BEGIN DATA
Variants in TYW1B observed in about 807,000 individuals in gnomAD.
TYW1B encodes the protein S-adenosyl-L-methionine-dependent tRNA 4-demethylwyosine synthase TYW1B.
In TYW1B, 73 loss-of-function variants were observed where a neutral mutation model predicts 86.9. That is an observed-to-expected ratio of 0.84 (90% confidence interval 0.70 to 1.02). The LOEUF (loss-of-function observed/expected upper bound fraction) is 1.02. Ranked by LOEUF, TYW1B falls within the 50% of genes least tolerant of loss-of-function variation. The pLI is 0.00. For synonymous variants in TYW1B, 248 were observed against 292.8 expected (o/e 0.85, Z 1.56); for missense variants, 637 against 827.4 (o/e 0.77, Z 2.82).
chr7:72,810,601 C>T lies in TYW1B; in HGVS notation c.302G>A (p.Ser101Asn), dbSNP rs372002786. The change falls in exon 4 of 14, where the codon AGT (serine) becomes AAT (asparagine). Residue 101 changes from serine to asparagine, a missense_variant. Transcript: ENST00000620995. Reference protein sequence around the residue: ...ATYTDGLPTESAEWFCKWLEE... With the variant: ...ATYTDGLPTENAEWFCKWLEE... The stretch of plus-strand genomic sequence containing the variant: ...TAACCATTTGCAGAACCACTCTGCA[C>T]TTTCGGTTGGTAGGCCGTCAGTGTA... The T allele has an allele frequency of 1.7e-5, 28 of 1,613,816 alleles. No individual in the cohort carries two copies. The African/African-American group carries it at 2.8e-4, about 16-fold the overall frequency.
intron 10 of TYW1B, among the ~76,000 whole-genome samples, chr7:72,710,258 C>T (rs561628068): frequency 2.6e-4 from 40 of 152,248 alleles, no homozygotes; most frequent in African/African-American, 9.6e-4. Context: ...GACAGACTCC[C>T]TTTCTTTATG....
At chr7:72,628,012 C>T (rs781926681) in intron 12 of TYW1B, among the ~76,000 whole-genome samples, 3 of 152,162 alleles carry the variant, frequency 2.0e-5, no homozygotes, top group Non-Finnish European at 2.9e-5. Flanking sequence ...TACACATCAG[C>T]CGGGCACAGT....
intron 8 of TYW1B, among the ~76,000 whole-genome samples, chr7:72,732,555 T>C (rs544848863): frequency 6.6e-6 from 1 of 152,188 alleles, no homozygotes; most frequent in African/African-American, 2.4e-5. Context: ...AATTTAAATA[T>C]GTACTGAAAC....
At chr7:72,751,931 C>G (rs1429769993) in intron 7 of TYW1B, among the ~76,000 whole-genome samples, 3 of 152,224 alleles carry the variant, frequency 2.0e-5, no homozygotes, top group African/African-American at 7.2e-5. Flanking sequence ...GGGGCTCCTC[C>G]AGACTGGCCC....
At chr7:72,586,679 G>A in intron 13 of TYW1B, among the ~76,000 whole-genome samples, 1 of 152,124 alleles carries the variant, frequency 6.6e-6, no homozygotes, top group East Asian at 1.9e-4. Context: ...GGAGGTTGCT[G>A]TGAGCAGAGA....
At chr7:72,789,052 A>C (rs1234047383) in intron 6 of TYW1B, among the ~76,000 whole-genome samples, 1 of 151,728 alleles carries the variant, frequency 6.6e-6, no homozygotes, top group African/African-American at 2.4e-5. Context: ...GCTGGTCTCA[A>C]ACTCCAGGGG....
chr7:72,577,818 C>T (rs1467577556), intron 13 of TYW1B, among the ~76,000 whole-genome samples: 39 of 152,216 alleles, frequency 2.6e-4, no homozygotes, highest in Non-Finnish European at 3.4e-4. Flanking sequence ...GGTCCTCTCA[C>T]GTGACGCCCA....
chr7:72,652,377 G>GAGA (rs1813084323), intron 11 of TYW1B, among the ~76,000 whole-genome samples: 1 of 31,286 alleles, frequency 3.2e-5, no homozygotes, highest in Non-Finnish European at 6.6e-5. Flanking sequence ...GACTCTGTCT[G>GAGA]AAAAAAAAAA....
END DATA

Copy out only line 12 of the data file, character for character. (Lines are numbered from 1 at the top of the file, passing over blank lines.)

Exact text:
chr7:72,652,377 G>GAGA (rs1813084323), intron 11 of TYW1B, among the ~76,000 whole-genome samples: 1 of 31,286 alleles, frequency 3.2e-5, no homozygotes, highest in Non-Finnish European at 6.6e-5. Flanking sequence ...GACTCTGTCT[G>GAGA]AAAAAAAAAA....